Joan C. Beal and Marco Condorelli University of Sheffield “Cut from the same CLOTH? Variation and change in the CLOTH lexical set.”
With reference to what Wells (1982) subsequently termed the CLOTH set in English, Barbara Strang stated “[I]t is difficult to know how far the recent history of words of the type cloth, lost, cross, off represents sound-change, and how far conflict of analogies and varieties” (1970: 85). Strang is here referring to the fact that, like the change from ME short a to present-day RP /ɑ:/ in Wells’s BATH set, the lengthening of ME short o to /ɔ:/ in CLOTH words begins in the late seventeenth century and in pre-fricative environment, yet CLOTH words have subsequently reverted to the short vowel in RP whilst BATH words have not. Furthermore, CLOTH words have /ɔ:/ in US English, whilst BATH words have /a/.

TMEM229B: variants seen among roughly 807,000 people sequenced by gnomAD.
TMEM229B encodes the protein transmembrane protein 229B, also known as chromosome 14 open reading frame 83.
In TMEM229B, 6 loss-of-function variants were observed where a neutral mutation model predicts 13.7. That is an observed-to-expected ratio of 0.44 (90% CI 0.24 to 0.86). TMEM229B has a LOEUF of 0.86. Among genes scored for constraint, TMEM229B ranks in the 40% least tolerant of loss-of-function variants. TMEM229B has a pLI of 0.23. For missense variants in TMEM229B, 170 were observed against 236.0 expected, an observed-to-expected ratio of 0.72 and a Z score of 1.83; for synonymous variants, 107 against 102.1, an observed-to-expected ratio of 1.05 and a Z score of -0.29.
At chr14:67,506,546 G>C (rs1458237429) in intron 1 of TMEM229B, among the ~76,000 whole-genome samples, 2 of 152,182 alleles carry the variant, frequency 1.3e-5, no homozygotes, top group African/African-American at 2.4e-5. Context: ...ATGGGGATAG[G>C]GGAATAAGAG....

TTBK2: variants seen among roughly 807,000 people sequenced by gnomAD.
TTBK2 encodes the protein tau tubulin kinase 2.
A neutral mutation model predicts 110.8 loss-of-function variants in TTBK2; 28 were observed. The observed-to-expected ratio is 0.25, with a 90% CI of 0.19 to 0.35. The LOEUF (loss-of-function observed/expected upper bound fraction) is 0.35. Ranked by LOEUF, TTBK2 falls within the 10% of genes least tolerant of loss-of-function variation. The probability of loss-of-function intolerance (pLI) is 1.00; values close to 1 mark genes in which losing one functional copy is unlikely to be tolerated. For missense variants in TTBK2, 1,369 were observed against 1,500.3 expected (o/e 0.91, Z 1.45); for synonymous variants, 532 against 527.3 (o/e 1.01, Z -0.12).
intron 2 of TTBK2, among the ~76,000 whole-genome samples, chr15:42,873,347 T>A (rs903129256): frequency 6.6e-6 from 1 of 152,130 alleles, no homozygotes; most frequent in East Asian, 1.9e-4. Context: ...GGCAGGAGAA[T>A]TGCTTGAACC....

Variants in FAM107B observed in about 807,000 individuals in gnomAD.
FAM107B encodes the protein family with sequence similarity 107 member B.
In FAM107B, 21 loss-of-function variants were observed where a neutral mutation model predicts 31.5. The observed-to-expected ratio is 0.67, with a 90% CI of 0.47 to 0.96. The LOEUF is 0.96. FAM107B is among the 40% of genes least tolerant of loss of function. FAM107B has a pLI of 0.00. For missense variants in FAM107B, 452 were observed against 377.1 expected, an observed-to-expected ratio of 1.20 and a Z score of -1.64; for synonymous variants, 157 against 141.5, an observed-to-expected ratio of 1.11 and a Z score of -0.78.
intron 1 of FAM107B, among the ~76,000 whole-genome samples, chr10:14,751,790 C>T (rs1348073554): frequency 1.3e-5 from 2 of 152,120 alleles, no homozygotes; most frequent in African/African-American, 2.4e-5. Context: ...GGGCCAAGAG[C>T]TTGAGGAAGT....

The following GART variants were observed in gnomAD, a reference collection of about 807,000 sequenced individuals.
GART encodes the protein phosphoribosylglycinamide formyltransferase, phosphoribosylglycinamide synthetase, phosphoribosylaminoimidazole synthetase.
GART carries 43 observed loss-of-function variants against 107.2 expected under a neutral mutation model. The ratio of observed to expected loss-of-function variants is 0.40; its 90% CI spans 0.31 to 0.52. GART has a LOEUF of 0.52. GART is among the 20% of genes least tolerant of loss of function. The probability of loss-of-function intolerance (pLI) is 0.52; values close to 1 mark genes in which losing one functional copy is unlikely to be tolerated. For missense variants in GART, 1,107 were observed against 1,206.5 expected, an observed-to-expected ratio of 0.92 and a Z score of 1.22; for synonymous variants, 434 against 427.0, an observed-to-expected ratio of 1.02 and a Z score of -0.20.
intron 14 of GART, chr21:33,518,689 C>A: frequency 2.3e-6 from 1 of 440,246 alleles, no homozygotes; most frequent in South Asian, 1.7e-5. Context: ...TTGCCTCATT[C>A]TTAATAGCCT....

In this study, we discuss the results of an examination of entries for all the words in Wells’s CLOTH set that appear in a range of eighteenth-century pronouncing dictionaries, along with metalinguistic comments on the pronunciation of these words from the same dictionaries. The dictionaries chosen cover approximately a fifty-year period, the second half of the eighteenth century, and include dictionaries written by authors from various parts of the British Isles and from America. This reveals the extent and nature of the “conflict of analogies and varieties” alluded to by Strang.